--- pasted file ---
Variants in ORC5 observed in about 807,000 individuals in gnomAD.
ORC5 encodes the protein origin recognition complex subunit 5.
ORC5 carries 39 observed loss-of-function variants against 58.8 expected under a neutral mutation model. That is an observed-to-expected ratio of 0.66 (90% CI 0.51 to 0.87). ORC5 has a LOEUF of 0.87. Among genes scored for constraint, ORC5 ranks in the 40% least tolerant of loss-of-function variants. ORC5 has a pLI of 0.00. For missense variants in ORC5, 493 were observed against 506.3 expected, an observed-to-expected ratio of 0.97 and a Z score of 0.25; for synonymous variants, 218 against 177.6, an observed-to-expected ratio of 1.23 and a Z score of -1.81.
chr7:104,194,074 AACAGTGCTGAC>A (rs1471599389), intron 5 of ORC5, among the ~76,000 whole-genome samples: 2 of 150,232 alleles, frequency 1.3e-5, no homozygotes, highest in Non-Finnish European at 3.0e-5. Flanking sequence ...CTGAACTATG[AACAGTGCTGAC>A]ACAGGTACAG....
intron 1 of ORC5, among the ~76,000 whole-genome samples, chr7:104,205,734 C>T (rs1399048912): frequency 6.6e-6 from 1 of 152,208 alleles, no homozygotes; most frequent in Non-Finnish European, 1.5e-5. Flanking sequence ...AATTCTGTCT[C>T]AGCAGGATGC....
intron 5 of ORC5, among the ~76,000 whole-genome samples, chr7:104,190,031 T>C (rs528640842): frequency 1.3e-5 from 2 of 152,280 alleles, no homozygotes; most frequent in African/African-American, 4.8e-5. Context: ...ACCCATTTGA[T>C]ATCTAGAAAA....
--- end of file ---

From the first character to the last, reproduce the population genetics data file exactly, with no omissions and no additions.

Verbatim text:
Variants in ORC5 observed in about 807,000 individuals in gnomAD.
ORC5 encodes the protein origin recognition complex subunit 5.
ORC5 carries 39 observed loss-of-function variants against 58.8 expected under a neutral mutation model. That is an observed-to-expected ratio of 0.66 (90% CI 0.51 to 0.87). ORC5 has a LOEUF of 0.87. Among genes scored for constraint, ORC5 ranks in the 40% least tolerant of loss-of-function variants. ORC5 has a pLI of 0.00. For missense variants in ORC5, 493 were observed against 506.3 expected, an observed-to-expected ratio of 0.97 and a Z score of 0.25; for synonymous variants, 218 against 177.6, an observed-to-expected ratio of 1.23 and a Z score of -1.81.
chr7:104,194,074 AACAGTGCTGAC>A (rs1471599389), intron 5 of ORC5, among the ~76,000 whole-genome samples: 2 of 150,232 alleles, frequency 1.3e-5, no homozygotes, highest in Non-Finnish European at 3.0e-5. Flanking sequence ...CTGAACTATG[AACAGTGCTGAC>A]ACAGGTACAG....
intron 1 of ORC5, among the ~76,000 whole-genome samples, chr7:104,205,734 C>T (rs1399048912): frequency 6.6e-6 from 1 of 152,208 alleles, no homozygotes; most frequent in Non-Finnish European, 1.5e-5. Flanking sequence ...AATTCTGTCT[C>T]AGCAGGATGC....
intron 5 of ORC5, among the ~76,000 whole-genome samples, chr7:104,190,031 T>C (rs528640842): frequency 1.3e-5 from 2 of 152,280 alleles, no homozygotes; most frequent in African/African-American, 4.8e-5. Context: ...ACCCATTTGA[T>C]ATCTAGAAAA....